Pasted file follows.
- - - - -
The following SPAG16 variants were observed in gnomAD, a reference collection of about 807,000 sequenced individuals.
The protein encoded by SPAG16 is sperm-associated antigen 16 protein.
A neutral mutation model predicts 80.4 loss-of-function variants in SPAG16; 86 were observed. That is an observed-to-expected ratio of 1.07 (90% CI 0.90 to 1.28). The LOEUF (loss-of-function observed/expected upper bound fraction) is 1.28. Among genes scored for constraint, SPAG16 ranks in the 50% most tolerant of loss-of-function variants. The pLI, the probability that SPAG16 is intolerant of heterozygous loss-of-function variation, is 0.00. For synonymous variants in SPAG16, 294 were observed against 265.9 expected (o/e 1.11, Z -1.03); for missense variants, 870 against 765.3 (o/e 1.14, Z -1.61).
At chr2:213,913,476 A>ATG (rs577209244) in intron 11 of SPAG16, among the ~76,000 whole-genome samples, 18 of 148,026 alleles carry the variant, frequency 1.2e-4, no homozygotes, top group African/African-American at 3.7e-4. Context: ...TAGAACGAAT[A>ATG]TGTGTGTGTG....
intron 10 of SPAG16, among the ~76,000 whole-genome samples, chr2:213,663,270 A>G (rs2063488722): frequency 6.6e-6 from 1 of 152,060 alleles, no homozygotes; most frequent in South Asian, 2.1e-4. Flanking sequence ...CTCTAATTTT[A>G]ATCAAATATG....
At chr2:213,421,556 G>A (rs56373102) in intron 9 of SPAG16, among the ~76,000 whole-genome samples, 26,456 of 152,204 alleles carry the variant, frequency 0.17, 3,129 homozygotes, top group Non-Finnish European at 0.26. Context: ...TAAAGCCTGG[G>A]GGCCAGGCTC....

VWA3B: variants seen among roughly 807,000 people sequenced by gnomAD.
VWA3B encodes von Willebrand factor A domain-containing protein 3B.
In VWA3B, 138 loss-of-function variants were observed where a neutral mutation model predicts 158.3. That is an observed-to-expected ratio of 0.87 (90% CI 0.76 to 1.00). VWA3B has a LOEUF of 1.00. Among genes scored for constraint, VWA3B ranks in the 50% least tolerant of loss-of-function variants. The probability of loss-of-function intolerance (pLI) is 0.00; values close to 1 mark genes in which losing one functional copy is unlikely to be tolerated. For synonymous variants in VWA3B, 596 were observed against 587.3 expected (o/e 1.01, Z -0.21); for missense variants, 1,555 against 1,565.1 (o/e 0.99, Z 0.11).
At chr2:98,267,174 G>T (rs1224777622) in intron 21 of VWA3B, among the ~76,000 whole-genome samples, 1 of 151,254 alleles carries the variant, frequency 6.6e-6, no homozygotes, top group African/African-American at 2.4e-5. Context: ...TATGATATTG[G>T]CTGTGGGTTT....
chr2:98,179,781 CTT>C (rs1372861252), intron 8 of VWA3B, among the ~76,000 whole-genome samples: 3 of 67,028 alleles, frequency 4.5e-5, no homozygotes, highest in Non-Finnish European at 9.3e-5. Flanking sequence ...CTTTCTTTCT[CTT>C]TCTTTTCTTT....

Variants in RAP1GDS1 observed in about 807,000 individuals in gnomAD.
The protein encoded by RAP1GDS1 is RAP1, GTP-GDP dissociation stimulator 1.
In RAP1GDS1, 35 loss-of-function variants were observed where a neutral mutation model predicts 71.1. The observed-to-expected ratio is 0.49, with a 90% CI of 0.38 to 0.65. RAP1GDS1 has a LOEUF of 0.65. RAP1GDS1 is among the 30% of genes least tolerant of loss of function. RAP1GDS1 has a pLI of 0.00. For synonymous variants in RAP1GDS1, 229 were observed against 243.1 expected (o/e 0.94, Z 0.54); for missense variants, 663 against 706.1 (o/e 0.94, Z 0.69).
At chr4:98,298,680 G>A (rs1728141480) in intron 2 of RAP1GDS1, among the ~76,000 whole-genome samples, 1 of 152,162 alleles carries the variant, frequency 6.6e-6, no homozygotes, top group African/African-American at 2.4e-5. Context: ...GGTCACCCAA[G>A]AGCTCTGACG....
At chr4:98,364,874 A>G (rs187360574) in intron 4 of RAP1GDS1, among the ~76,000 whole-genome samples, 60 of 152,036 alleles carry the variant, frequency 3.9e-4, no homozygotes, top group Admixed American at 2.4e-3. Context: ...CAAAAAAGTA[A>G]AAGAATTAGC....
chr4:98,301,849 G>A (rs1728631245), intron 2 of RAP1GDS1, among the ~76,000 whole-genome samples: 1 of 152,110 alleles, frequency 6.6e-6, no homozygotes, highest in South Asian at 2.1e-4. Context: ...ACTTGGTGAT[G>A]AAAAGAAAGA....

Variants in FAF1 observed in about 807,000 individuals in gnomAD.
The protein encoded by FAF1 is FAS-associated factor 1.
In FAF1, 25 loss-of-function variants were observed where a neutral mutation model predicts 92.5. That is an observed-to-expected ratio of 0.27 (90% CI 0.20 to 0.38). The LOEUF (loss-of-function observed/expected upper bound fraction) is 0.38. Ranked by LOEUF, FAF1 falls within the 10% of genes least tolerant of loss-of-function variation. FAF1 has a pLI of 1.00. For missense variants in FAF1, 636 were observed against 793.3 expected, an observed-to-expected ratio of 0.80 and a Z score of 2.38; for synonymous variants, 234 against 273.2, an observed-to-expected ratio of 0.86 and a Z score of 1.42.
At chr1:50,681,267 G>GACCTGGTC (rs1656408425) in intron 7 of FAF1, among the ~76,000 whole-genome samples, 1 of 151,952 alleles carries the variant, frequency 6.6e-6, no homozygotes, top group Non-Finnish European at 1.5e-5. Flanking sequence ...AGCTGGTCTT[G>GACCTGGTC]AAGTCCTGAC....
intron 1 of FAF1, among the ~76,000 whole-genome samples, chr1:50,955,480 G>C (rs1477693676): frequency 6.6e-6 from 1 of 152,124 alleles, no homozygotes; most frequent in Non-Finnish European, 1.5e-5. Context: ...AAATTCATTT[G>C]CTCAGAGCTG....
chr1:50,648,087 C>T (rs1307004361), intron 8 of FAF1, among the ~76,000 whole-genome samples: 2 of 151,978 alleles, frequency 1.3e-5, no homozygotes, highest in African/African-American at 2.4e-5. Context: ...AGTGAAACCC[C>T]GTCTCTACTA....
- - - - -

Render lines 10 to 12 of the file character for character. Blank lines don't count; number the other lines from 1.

At chr2:98,267,174 G>T (rs1224777622) in intron 21 of VWA3B, among the ~76,000 whole-genome samples, 1 of 151,254 alleles carries the variant, frequency 6.6e-6, no homozygotes, top group African/African-American at 2.4e-5. Context: ...TATGATATTG[G>T]CTGTGGGTTT....
chr2:98,179,781 CTT>C (rs1372861252), intron 8 of VWA3B, among the ~76,000 whole-genome samples: 3 of 67,028 alleles, frequency 4.5e-5, no homozygotes, highest in Non-Finnish European at 9.3e-5. Flanking sequence ...CTTTCTTTCT[CTT>C]TCTTTTCTTT....

Variants in RAP1GDS1 observed in about 807,000 individuals in gnomAD.